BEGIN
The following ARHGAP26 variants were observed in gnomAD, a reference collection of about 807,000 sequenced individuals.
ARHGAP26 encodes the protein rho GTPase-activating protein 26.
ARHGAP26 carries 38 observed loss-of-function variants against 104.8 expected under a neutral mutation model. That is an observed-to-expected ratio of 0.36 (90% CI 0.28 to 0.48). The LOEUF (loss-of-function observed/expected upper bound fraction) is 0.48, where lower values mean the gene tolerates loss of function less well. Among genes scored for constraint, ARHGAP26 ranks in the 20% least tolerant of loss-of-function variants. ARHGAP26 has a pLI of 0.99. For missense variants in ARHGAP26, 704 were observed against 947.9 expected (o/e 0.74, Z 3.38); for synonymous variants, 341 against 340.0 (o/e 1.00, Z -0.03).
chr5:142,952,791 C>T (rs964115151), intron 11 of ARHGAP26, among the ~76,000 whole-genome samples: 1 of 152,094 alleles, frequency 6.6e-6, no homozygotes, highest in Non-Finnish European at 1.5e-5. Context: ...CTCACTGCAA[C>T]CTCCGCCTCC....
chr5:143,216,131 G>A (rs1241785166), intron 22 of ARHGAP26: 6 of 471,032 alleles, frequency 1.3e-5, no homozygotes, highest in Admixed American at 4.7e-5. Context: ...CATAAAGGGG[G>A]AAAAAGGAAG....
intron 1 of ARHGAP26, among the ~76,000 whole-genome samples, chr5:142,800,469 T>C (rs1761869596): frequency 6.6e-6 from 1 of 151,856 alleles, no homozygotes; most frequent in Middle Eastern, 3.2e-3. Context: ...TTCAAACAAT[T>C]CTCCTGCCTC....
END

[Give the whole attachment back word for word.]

The following ARHGAP26 variants were observed in gnomAD, a reference collection of about 807,000 sequenced individuals.
ARHGAP26 encodes the protein rho GTPase-activating protein 26.
ARHGAP26 carries 38 observed loss-of-function variants against 104.8 expected under a neutral mutation model. That is an observed-to-expected ratio of 0.36 (90% CI 0.28 to 0.48). The LOEUF (loss-of-function observed/expected upper bound fraction) is 0.48, where lower values mean the gene tolerates loss of function less well. Among genes scored for constraint, ARHGAP26 ranks in the 20% least tolerant of loss-of-function variants. ARHGAP26 has a pLI of 0.99. For missense variants in ARHGAP26, 704 were observed against 947.9 expected (o/e 0.74, Z 3.38); for synonymous variants, 341 against 340.0 (o/e 1.00, Z -0.03).
chr5:142,952,791 C>T (rs964115151), intron 11 of ARHGAP26, among the ~76,000 whole-genome samples: 1 of 152,094 alleles, frequency 6.6e-6, no homozygotes, highest in Non-Finnish European at 1.5e-5. Context: ...CTCACTGCAA[C>T]CTCCGCCTCC....
chr5:143,216,131 G>A (rs1241785166), intron 22 of ARHGAP26: 6 of 471,032 alleles, frequency 1.3e-5, no homozygotes, highest in Admixed American at 4.7e-5. Context: ...CATAAAGGGG[G>A]AAAAAGGAAG....
intron 1 of ARHGAP26, among the ~76,000 whole-genome samples, chr5:142,800,469 T>C (rs1761869596): frequency 6.6e-6 from 1 of 151,856 alleles, no homozygotes; most frequent in Middle Eastern, 3.2e-3. Context: ...TTCAAACAAT[T>C]CTCCTGCCTC....